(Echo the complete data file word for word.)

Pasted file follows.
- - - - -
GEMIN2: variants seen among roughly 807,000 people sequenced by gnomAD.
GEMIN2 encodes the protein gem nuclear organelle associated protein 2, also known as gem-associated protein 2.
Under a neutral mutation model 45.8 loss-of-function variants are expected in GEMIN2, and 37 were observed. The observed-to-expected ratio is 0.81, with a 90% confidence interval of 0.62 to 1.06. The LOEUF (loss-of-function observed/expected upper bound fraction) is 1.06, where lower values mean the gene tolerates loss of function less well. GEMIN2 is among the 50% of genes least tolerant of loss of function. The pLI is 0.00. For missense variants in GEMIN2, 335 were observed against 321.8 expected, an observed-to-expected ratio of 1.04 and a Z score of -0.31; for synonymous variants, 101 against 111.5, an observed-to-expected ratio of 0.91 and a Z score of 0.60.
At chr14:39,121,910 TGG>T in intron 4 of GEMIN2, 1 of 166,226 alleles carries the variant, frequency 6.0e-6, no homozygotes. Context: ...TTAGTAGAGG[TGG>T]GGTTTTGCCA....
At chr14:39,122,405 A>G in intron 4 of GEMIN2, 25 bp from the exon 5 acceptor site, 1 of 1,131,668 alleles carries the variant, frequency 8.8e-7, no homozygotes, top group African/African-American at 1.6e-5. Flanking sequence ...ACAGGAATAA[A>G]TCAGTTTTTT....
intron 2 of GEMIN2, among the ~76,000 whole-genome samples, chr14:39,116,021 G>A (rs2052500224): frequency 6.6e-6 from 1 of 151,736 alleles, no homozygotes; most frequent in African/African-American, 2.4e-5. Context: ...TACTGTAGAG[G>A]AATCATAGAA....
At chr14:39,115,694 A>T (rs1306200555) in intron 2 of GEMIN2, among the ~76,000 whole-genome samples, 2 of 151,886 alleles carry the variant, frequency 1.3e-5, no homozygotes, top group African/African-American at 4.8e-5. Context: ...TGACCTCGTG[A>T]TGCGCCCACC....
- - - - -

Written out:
GEMIN2: variants seen among roughly 807,000 people sequenced by gnomAD.
GEMIN2 encodes the protein gem nuclear organelle associated protein 2, also known as gem-associated protein 2.
Under a neutral mutation model 45.8 loss-of-function variants are expected in GEMIN2, and 37 were observed. The observed-to-expected ratio is 0.81, with a 90% confidence interval of 0.62 to 1.06. The LOEUF (loss-of-function observed/expected upper bound fraction) is 1.06, where lower values mean the gene tolerates loss of function less well. GEMIN2 is among the 50% of genes least tolerant of loss of function. The pLI is 0.00. For missense variants in GEMIN2, 335 were observed against 321.8 expected, an observed-to-expected ratio of 1.04 and a Z score of -0.31; for synonymous variants, 101 against 111.5, an observed-to-expected ratio of 0.91 and a Z score of 0.60.
At chr14:39,121,910 TGG>T in intron 4 of GEMIN2, 1 of 166,226 alleles carries the variant, frequency 6.0e-6, no homozygotes. Context: ...TTAGTAGAGG[TGG>T]GGTTTTGCCA....
At chr14:39,122,405 A>G in intron 4 of GEMIN2, 25 bp from the exon 5 acceptor site, 1 of 1,131,668 alleles carries the variant, frequency 8.8e-7, no homozygotes, top group African/African-American at 1.6e-5. Flanking sequence ...ACAGGAATAA[A>G]TCAGTTTTTT....
intron 2 of GEMIN2, among the ~76,000 whole-genome samples, chr14:39,116,021 G>A (rs2052500224): frequency 6.6e-6 from 1 of 151,736 alleles, no homozygotes; most frequent in African/African-American, 2.4e-5. Context: ...TACTGTAGAG[G>A]AATCATAGAA....
At chr14:39,115,694 A>T (rs1306200555) in intron 2 of GEMIN2, among the ~76,000 whole-genome samples, 2 of 151,886 alleles carry the variant, frequency 1.3e-5, no homozygotes, top group African/African-American at 4.8e-5. Context: ...TGACCTCGTG[A>T]TGCGCCCACC....